On a recent visit to my favorite forest and stream, just past the autumn equinox, the feeling was one of satisfaction, of waiting, of being balanced. An in-between time, quiet. Even the sun felt still. No leaves were falling, they were just waiting, happy to be basking in the early autumn sunlight. The air, no longer having to hold the weight of the summer heat, had a sparkle, a brightness that the sunbeams sliced crisply through. The leaves were mostly still green, although a few outliers had already turned yellow or brown and formed the first new layer of food for the dirt beings on the forest floor.
The late afternoon sunlight, low in the sky, radiated through the tree trunks that crowned the hillside. On this particular afternoon, even the squirrels seemed quiet and contented, perhaps enjoying their own satisfaction with the nuts they had already gathered. In the valley below, the stream was clear, reflecting the trees and sky with a symmetrical balance and mirroring the sun’s radiance.
The fall equinox, when the days and nights are equal in length, is of course a natural balancing point in the year, but this is the first time I have so deeply felt what this might actually mean in my body, especially when it was a few days past the equinox, and I wasn’t thinking about it. This day, as I was walking among the trees, I was trying to sense what was “going on” in the forest and struggled to sense the message, because I was looking for movement.
It is so pervasive, this striving we do as human beings, always looking for what is changing, where to move next. And nature herself is also usually on the move with myriads of activity such as spring growth, the coming winter, making seeds, animals looking for food, the shifting weather, streams rising and falling, and newly popped mushrooms.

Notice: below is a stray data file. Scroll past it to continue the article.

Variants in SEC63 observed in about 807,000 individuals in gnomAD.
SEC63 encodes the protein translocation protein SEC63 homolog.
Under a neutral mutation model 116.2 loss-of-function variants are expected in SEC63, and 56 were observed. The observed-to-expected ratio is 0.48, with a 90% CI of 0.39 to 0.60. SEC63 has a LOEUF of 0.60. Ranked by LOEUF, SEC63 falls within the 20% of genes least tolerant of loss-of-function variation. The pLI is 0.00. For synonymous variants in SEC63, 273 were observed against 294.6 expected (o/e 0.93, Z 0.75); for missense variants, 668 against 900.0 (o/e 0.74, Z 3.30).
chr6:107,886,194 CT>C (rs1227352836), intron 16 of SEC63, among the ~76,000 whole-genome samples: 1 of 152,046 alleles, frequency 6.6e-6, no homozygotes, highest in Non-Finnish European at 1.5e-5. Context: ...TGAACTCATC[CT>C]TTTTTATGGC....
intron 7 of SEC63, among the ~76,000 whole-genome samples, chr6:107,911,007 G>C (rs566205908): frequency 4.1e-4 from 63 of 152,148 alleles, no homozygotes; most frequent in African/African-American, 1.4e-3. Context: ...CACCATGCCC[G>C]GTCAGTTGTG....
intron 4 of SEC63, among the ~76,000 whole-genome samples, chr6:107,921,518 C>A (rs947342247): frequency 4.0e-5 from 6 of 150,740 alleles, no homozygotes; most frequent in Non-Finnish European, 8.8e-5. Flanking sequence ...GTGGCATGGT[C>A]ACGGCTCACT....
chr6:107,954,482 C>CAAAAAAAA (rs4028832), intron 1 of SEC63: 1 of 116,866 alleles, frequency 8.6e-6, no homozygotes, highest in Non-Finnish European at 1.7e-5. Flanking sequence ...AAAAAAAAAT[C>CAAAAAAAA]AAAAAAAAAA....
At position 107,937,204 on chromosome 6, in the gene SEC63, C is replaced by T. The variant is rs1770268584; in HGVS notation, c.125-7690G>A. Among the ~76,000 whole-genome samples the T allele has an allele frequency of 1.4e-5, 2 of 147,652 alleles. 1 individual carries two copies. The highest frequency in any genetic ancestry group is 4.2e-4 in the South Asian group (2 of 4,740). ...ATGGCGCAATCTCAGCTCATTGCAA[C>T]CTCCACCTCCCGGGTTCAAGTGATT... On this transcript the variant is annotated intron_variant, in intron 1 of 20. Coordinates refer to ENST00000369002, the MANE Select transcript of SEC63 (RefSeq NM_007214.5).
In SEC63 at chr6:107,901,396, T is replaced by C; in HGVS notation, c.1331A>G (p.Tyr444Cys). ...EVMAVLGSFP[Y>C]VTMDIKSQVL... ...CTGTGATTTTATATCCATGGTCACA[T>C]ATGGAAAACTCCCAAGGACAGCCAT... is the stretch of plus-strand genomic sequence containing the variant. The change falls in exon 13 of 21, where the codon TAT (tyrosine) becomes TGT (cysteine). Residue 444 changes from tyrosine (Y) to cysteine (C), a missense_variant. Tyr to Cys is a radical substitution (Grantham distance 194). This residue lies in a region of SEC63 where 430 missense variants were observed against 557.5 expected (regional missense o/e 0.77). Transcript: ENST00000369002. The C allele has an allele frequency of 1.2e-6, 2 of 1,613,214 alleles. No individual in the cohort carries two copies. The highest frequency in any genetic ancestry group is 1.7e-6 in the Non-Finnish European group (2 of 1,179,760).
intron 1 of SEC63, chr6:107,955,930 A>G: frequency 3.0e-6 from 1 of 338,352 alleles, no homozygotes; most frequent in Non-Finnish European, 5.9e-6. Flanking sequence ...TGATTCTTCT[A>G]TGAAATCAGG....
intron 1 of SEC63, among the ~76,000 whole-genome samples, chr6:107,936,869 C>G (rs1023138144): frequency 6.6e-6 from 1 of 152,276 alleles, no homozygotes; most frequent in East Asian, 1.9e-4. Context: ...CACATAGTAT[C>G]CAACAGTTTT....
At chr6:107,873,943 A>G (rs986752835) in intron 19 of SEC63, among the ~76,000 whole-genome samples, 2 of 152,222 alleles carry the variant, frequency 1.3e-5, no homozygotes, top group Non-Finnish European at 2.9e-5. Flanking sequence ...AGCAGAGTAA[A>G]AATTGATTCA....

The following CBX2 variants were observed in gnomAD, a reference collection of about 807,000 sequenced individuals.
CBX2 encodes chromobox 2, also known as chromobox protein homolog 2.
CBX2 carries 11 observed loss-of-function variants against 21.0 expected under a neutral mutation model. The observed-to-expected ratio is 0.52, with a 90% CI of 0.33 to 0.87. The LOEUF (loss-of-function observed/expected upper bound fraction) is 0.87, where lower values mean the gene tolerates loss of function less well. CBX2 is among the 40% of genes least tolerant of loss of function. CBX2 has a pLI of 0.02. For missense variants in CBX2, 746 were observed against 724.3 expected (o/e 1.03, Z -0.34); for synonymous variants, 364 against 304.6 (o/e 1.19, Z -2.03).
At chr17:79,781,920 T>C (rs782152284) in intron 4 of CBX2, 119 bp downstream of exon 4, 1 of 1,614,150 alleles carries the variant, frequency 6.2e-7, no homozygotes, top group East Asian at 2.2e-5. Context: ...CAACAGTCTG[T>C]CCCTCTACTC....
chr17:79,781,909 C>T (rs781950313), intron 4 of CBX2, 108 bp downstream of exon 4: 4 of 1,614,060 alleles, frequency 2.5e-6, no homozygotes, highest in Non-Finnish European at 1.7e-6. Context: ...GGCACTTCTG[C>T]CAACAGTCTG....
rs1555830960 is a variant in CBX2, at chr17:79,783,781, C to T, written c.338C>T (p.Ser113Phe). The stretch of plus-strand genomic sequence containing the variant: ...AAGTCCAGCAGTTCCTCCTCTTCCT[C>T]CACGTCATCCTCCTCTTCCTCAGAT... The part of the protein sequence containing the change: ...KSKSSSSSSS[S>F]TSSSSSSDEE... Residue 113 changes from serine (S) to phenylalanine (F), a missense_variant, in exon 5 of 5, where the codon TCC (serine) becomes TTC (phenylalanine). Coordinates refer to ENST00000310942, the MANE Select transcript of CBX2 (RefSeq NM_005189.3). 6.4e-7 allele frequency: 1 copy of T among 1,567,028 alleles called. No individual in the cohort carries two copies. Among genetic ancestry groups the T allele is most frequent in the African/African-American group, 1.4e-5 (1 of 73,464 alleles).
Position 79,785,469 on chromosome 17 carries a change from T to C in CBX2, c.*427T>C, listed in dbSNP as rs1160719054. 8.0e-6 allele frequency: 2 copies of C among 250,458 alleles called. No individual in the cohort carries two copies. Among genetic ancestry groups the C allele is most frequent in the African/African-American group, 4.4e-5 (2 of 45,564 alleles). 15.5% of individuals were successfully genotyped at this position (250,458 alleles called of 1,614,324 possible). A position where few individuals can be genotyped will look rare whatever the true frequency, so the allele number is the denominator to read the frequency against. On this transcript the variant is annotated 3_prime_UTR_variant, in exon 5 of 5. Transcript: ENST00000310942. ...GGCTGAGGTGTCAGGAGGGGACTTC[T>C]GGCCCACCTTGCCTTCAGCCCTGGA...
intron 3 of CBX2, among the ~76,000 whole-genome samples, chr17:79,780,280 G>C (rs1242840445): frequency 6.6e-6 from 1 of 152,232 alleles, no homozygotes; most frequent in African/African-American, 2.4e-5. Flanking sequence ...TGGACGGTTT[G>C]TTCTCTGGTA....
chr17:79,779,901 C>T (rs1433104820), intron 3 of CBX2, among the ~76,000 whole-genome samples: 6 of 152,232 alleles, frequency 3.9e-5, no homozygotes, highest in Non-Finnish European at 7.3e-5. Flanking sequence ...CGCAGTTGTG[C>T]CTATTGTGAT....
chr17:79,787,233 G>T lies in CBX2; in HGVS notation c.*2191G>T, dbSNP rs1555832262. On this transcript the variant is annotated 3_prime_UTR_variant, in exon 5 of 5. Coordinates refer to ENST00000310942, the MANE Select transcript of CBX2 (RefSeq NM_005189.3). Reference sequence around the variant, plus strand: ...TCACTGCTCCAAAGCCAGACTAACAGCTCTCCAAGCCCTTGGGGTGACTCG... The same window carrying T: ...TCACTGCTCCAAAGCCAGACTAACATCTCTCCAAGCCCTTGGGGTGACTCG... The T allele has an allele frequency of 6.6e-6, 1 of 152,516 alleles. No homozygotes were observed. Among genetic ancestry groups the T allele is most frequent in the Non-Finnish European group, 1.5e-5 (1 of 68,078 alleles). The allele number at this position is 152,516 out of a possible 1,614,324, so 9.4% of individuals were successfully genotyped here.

But this day defied my normal lens of looking for the movement. I felt a sense of contentment wash over me instead – the forests’ contentment. This day was about ripeness and fullness. Desires fulfilled. Not the exuberance of joy. Just contentment that was emanating a longer lasting feeling of satisfaction and gratitude. And I realized I was struggling to fully sink into it, to allow myself to feel that same complete contentment.
The fullness of ripeness, the fullness of the year’s growth – the word contentment kept washing over me. And I realized, how hard is it to just feel truly contented? For a moment, not so hard. But for an hour? For a whole day? A whole week even? Sitting in the forest this day, experiencing its fullness, emphasized to me the difficulty of feeling truly contented. Not striving, not expecting, not looking forward, not remembering. And I realized, I was overcome by gratitude. Perhaps we must be able to feel gratitude to fully experience the contentment. And vice versa.
This is the contentment the sunflower must feel when her seeds are ripe, what the bluebird feels when her babies fly out of the nest and how the apple tree feels when her branches are loaded with apples. This is not complacency, and it is not the joy of exuberance and celebration. But just simply the deep contentment and gratitude of fulfilled desires.
What if we could deeply feel and allow the satisfaction of holding the culmination of a day’s work. A season’s work. A life’s work. And set aside our striving. Yes indeed, the trees in the forest that day were bursting with the contentment of fulfilled desire – their desire to dance all summer in the mystery of the sun and rain and dirt and create new life, and now they pause to hold that fullness for a breath, for a day, for as long as it lasts, before starting anew.